The story behind GTA Funk is this double entendre of funk - like you know it’s funky, the whole album is funky - but I was also in a funk at the time. My parents were getting divorced and they were selling the family home in Mississauga so you know - GTA (Greater Toronto Area) Funk. It’s a little bit more dark actually but non-ironically, music is therapy for me. I worked on it for about two-three years or so but I want to shout out Darker Than Wax who really helped with the international release, Maxx Mortimer who helped me mix and master, and definitely my friends like Robotaki, Falcxne, and more who helped me with advice.

You have an incredible range of musical styles. How would you personally describe your style? Is there an audience that you have specifically in mind when you create your music?
Yeah... I don’t know about the audience in mind, but there’s a mood in mind. I think generally speaking I like going for fun, sexy, funky vibes and such. I don’t have a style but I’m influenced by a lot of stuff - like I'm influenced by soul, jazz, funk, RnB, hip hop, disco - the great genres of time - and also latin jazz. And through hanging out with Robotaki over the years and stuff like, some EDM - I’m a huge fan of Shook, Justice, etc.

How long does it take you to write a song? How do you know when it is complete?
I think you know when something is good and should be fleshed out very quickly. I think it’s just how long it takes for you to get back to finishing the gruelling parts of the process, like mixing and mastering, stemming out, fixing bugs, errors and glitches - that kind of stuff. Once you know that the idea and core concept is solid, you know that’s what it’s gonna be.

I don’t want to sound too cocky here, but sometimes me, Corey (HMLT), or Preston (Robotaki) will get together and.. well, some nights it’s off, but on a lot of the nights that we hang out, we’ll shit out a couple of bangers by accident.

KEI-LI x Robotaki's music video for "Lunar New Year", animated by KEI-LI

What part of the creative process do you enjoy the most?
My favorite energy is when I’m sitting with somebody who I flow together creatively with - there’s no ego, and we both know each other’s strengths and weaknesses. It’s cool to feel where we fit in in the song, and to know that we contribute to something greater than the sum of its parts. I love that shit. That’s usually found in the depth of studio sessions somewhere deep in a basement. Supplementing each other and just building something crazy is something that you can’t do alone.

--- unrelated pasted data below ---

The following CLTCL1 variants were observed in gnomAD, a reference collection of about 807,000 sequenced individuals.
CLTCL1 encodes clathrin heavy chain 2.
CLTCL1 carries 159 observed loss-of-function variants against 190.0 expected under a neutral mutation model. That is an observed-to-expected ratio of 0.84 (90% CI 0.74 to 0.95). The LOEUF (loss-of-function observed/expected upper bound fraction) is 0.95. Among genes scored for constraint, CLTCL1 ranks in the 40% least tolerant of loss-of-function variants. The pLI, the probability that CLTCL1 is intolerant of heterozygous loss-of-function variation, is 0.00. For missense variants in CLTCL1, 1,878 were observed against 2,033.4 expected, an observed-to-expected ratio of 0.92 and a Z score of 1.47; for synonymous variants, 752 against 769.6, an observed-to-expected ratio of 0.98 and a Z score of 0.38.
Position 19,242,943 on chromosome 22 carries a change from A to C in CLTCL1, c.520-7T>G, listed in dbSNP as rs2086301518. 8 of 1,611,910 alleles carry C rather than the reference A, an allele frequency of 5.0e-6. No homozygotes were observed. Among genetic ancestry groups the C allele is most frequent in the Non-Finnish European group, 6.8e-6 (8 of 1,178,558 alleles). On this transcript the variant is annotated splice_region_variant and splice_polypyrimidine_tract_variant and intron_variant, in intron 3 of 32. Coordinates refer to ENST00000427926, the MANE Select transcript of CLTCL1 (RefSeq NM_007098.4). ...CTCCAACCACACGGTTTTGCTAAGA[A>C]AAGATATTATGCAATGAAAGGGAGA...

Which if any performance did you really enjoy doing?
I actually did a livestream with HMLT for a virtual fundraiser festival for BLM organized by Joy Ruckus Club, which featured Asian-American artists. I liked that one a lot, and it was nice to film because it was just in my buddy’s backyard. Those same guys that filmed that set shot a short film we are putting out potentially with the upcoming Drifters album.

I also loved dancing with A Tribe Called Red at their Toronto show and… this underground show I played in Taipei with grime heads Sir Spyro and Faze Miyake - that was a different experience for sure.

Anything you do to prepare for a studio session or performance?
Aside from blazing too much, I like the process of listening to tracks or having an idea in mind, talking it out with whoever you’re working with whether conceptually or through narrative or through theory. Sometimes I’ll build a little bank of words that sonically sound nice or phrases that have layered meanings just to play with them later and bring them up quickly in a studio context. Credits to my buddy JOZEM for that tip.

Most of the stuff with HMLT is freestyle, or first take shit, or something that I wrote in 20 minutes while he’s making a beat. I like that better because I’m a producer first so coming from that background I’m able to understand what the sonic landscape looks like - and then connecting that with words that resonate with the sort of texture or feeling to hopefully get something deeper out of the song.